By David Alexander
WASHINGTON (Reuters) - Defense Secretary Chuck Hagel unveiled a new Pentagon leadership team on Friday that will guide the department through a critical period as it cuts hundreds of billions of dollars in defense spending while maintaining U.S. security commitments worldwide.
Hagel, speaking at a Pentagon news conference, said the Defense Department was still facing big spending cuts despite a two-year budget deal by Congress in January that eased some of the financial pressure.
"Will there be cuts across the board? Of course there will. You can't do it any other way. Are there going to be adjustments across the board? Of course," Hagel said.
The Pentagon chief said the department would approach the budget holistically and over the long run, trying to preserve military readiness and capability while establishing a sustainable path for modernizing major weapons systems.
Under the Budget Control Act of 2011, the Pentagon is required to cut nearly a trillion dollars in projected spending over the next decade.
A deal negotiated in Congress in January reduced the size of the cuts for two years but still left the Pentagon needing to reduce spending for next year by about $40 billion more than it had planned.
Defense analysts from four think-tanks who looked at the Pentagon's spending problems said this week the department faced difficult choices between personnel and readiness in the coming years and that the cuts could make it hard to execute a global security strategy.
The team unveiled by Hagel on Friday would be responsible for navigating the difficulties. Hagel said President Barack Obama had named former Navy Undersecretary Robert Work, a retired Marine colonel who currently heads the Center for a New American Security think-tank, as deputy secretary of defense.
Obama last week nominated Michael McCord as the new Pentagon comptroller to replace Robert Hale, Christine Wormuth as undersecretary of defense for policy to replace James Miller, and Brian McKeon as principal deputy undersecretary of defense to replace Kathleen Hicks.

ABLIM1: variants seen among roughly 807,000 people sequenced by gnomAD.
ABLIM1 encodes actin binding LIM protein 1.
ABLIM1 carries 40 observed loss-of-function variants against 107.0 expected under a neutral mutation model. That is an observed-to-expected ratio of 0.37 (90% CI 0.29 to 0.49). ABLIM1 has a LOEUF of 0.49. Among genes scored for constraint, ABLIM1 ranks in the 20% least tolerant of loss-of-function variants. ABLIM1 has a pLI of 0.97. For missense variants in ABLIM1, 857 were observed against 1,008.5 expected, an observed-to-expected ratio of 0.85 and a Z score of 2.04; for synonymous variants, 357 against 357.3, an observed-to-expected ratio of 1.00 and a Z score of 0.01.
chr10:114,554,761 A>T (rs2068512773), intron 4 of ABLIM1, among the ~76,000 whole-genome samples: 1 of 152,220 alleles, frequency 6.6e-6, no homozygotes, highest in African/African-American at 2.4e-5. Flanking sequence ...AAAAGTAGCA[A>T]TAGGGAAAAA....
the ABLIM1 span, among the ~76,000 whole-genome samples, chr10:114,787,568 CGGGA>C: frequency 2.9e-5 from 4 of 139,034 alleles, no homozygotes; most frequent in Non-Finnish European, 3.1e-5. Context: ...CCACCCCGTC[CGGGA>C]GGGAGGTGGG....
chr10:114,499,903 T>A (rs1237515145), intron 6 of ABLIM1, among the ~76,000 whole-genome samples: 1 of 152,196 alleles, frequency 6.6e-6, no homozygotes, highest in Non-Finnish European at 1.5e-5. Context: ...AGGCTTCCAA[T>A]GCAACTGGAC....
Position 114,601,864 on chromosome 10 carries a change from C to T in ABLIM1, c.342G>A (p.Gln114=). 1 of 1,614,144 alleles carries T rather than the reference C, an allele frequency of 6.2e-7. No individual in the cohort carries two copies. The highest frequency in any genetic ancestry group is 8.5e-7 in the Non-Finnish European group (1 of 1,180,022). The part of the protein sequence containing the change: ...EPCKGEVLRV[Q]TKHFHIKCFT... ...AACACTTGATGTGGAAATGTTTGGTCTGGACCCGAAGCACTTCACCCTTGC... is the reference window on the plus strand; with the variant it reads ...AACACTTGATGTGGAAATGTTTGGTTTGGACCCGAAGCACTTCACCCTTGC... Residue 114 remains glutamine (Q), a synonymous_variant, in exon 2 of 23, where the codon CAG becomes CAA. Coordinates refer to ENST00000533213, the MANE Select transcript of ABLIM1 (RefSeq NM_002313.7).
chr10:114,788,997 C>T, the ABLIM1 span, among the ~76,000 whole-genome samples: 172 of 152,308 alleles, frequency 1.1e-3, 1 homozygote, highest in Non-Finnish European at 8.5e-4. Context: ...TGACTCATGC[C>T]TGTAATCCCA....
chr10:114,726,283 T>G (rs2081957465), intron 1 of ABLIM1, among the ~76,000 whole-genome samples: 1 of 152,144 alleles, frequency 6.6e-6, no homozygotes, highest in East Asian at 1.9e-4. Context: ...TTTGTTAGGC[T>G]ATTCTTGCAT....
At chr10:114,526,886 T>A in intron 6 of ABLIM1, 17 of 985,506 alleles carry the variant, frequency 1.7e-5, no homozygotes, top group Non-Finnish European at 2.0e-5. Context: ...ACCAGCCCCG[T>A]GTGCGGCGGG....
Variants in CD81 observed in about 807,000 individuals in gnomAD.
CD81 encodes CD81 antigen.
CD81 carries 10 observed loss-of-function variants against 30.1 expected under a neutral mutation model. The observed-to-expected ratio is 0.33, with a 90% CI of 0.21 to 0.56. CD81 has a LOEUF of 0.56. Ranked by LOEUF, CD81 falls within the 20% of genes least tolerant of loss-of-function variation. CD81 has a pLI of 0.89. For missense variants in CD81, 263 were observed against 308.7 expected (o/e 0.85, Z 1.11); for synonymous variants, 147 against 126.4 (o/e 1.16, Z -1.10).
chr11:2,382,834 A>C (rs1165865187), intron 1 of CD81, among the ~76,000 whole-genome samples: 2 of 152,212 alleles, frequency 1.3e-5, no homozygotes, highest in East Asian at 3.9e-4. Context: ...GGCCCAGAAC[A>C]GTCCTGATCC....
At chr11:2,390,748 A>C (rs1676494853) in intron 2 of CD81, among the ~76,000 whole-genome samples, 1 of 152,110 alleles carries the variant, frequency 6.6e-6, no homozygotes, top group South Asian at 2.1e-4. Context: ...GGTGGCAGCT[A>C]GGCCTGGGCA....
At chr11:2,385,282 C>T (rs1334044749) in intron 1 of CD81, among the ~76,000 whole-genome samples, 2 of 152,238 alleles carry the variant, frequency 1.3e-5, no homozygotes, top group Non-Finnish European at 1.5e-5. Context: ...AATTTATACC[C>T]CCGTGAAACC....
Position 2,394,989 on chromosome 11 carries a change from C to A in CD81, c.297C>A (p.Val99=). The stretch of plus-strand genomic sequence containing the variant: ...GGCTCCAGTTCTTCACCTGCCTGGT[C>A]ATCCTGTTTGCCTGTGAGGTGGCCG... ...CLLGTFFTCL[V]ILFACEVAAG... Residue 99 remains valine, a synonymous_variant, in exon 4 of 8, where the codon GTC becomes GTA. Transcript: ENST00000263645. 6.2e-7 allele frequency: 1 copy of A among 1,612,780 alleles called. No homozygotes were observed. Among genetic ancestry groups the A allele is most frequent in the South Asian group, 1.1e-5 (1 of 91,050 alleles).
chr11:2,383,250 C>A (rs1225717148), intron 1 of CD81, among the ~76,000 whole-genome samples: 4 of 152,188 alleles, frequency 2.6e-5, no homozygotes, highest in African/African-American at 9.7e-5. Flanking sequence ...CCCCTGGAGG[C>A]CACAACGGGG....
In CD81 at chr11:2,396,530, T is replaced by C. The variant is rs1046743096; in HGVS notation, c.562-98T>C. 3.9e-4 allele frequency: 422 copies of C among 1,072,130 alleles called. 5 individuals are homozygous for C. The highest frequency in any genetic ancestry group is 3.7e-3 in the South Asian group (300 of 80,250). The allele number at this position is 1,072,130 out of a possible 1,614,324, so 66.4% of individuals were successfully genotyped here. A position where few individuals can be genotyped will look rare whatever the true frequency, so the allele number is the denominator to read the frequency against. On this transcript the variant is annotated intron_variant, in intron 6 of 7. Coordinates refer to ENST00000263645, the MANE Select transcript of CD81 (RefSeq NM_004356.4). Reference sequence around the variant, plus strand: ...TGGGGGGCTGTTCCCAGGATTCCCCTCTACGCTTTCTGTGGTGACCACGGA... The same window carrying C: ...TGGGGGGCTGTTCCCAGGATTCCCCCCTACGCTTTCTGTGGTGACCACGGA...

The nominees must be confirmed by the Senate before taking their positions. Hagel hailed the group as "four of the most experienced national security professionals that DoD (Department of Defense) has had in these positions at any one time."
McCord currently serves as Hale's deputy, Wormuth has been deputy undersecretary of defense for strategy, plans and force development, and McKeon has worked on the White House National Security staff.
Work spent 27 years in the Marine Corps before retiring. He was a defense analyst at the Center for Strategic and Budgetary Assessments think tank before returning to the Defense Department in 2009 as undersecretary of the Navy, a job he left last year to become head of CNAS.
He has written widely on naval affairs, military transformation and strategy, including an article for CNAS last month in which he voiced concern about the U.S. military's technological edge and urged defense leaders to begin preparing for war in the robotic age.
Work said emerging technologies offered the prospect of a military-technical revolution by means of increasingly autonomous aircraft and robots, three-dimensional printing and other new developments.
(Additional reporting by Phil Stewart; Editing by Ken Wills)